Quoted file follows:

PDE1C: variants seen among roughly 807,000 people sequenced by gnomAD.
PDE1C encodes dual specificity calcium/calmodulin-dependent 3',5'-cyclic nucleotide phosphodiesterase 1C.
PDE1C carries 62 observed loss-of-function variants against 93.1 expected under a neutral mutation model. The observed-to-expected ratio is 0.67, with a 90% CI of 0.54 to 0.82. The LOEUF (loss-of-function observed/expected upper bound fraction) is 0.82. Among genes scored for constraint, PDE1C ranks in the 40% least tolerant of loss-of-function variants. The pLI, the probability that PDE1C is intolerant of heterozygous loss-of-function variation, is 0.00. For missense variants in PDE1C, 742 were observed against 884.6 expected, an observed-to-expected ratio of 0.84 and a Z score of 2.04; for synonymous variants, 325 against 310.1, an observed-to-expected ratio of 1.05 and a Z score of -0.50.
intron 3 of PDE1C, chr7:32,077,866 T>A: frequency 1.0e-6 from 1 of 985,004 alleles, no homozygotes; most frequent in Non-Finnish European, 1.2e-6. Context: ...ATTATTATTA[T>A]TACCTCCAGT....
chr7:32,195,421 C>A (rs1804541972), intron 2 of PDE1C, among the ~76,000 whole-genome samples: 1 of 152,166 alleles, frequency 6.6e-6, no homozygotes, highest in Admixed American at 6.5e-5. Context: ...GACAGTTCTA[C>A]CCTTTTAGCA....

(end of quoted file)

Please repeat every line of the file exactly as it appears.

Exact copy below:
PDE1C: variants seen among roughly 807,000 people sequenced by gnomAD.
PDE1C encodes dual specificity calcium/calmodulin-dependent 3',5'-cyclic nucleotide phosphodiesterase 1C.
PDE1C carries 62 observed loss-of-function variants against 93.1 expected under a neutral mutation model. The observed-to-expected ratio is 0.67, with a 90% CI of 0.54 to 0.82. The LOEUF (loss-of-function observed/expected upper bound fraction) is 0.82. Among genes scored for constraint, PDE1C ranks in the 40% least tolerant of loss-of-function variants. The pLI, the probability that PDE1C is intolerant of heterozygous loss-of-function variation, is 0.00. For missense variants in PDE1C, 742 were observed against 884.6 expected, an observed-to-expected ratio of 0.84 and a Z score of 2.04; for synonymous variants, 325 against 310.1, an observed-to-expected ratio of 1.05 and a Z score of -0.50.
intron 3 of PDE1C, chr7:32,077,866 T>A: frequency 1.0e-6 from 1 of 985,004 alleles, no homozygotes; most frequent in Non-Finnish European, 1.2e-6. Context: ...ATTATTATTA[T>A]TACCTCCAGT....
chr7:32,195,421 C>A (rs1804541972), intron 2 of PDE1C, among the ~76,000 whole-genome samples: 1 of 152,166 alleles, frequency 6.6e-6, no homozygotes, highest in Admixed American at 6.5e-5. Context: ...GACAGTTCTA[C>A]CCTTTTAGCA....